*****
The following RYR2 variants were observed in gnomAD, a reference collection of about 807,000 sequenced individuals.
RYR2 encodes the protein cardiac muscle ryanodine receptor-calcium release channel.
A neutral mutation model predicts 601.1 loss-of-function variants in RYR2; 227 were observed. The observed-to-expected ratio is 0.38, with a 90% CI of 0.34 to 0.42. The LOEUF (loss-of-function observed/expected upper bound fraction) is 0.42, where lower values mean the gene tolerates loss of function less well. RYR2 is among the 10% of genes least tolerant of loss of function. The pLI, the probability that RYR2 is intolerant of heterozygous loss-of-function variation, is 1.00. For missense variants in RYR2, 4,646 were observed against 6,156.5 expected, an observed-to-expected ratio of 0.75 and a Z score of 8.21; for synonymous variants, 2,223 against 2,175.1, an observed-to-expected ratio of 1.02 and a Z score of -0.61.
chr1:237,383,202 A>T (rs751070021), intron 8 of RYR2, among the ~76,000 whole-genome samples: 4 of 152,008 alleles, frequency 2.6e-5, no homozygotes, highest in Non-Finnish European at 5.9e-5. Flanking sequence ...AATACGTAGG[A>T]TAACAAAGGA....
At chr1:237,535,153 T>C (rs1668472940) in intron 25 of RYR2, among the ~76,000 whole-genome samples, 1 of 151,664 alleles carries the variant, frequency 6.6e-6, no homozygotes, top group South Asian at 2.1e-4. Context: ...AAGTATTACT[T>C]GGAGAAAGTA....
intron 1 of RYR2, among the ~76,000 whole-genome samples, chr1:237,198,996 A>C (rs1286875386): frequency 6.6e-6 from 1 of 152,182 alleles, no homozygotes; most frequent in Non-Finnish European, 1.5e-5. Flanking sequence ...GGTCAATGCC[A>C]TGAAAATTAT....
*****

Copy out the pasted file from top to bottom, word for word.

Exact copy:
The following RYR2 variants were observed in gnomAD, a reference collection of about 807,000 sequenced individuals.
RYR2 encodes the protein cardiac muscle ryanodine receptor-calcium release channel.
A neutral mutation model predicts 601.1 loss-of-function variants in RYR2; 227 were observed. The observed-to-expected ratio is 0.38, with a 90% CI of 0.34 to 0.42. The LOEUF (loss-of-function observed/expected upper bound fraction) is 0.42, where lower values mean the gene tolerates loss of function less well. RYR2 is among the 10% of genes least tolerant of loss of function. The pLI, the probability that RYR2 is intolerant of heterozygous loss-of-function variation, is 1.00. For missense variants in RYR2, 4,646 were observed against 6,156.5 expected, an observed-to-expected ratio of 0.75 and a Z score of 8.21; for synonymous variants, 2,223 against 2,175.1, an observed-to-expected ratio of 1.02 and a Z score of -0.61.
chr1:237,383,202 A>T (rs751070021), intron 8 of RYR2, among the ~76,000 whole-genome samples: 4 of 152,008 alleles, frequency 2.6e-5, no homozygotes, highest in Non-Finnish European at 5.9e-5. Flanking sequence ...AATACGTAGG[A>T]TAACAAAGGA....
At chr1:237,535,153 T>C (rs1668472940) in intron 25 of RYR2, among the ~76,000 whole-genome samples, 1 of 151,664 alleles carries the variant, frequency 6.6e-6, no homozygotes, top group South Asian at 2.1e-4. Context: ...AAGTATTACT[T>C]GGAGAAAGTA....
intron 1 of RYR2, among the ~76,000 whole-genome samples, chr1:237,198,996 A>C (rs1286875386): frequency 6.6e-6 from 1 of 152,182 alleles, no homozygotes; most frequent in Non-Finnish European, 1.5e-5. Flanking sequence ...GGTCAATGCC[A>C]TGAAAATTAT....